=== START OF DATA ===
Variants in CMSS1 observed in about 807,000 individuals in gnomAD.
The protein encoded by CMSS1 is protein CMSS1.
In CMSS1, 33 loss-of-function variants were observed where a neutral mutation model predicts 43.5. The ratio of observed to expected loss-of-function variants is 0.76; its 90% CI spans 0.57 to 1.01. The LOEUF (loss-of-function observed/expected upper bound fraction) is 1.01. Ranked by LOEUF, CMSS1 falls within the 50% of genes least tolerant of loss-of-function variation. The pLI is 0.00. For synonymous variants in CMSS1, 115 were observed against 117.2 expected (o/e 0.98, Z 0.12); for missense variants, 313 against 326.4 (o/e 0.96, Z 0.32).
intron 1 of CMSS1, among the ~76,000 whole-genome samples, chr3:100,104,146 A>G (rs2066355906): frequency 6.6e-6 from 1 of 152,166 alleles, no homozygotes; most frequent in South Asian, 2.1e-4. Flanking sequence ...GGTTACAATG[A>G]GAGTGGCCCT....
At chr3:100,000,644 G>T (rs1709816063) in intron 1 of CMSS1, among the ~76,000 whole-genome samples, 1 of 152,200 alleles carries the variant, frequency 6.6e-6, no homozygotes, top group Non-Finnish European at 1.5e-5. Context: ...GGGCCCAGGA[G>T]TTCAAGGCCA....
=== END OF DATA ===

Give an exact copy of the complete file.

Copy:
Variants in CMSS1 observed in about 807,000 individuals in gnomAD.
The protein encoded by CMSS1 is protein CMSS1.
In CMSS1, 33 loss-of-function variants were observed where a neutral mutation model predicts 43.5. The ratio of observed to expected loss-of-function variants is 0.76; its 90% CI spans 0.57 to 1.01. The LOEUF (loss-of-function observed/expected upper bound fraction) is 1.01. Ranked by LOEUF, CMSS1 falls within the 50% of genes least tolerant of loss-of-function variation. The pLI is 0.00. For synonymous variants in CMSS1, 115 were observed against 117.2 expected (o/e 0.98, Z 0.12); for missense variants, 313 against 326.4 (o/e 0.96, Z 0.32).
intron 1 of CMSS1, among the ~76,000 whole-genome samples, chr3:100,104,146 A>G (rs2066355906): frequency 6.6e-6 from 1 of 152,166 alleles, no homozygotes; most frequent in South Asian, 2.1e-4. Flanking sequence ...GGTTACAATG[A>G]GAGTGGCCCT....
At chr3:100,000,644 G>T (rs1709816063) in intron 1 of CMSS1, among the ~76,000 whole-genome samples, 1 of 152,200 alleles carries the variant, frequency 6.6e-6, no homozygotes, top group Non-Finnish European at 1.5e-5. Context: ...GGGCCCAGGA[G>T]TTCAAGGCCA....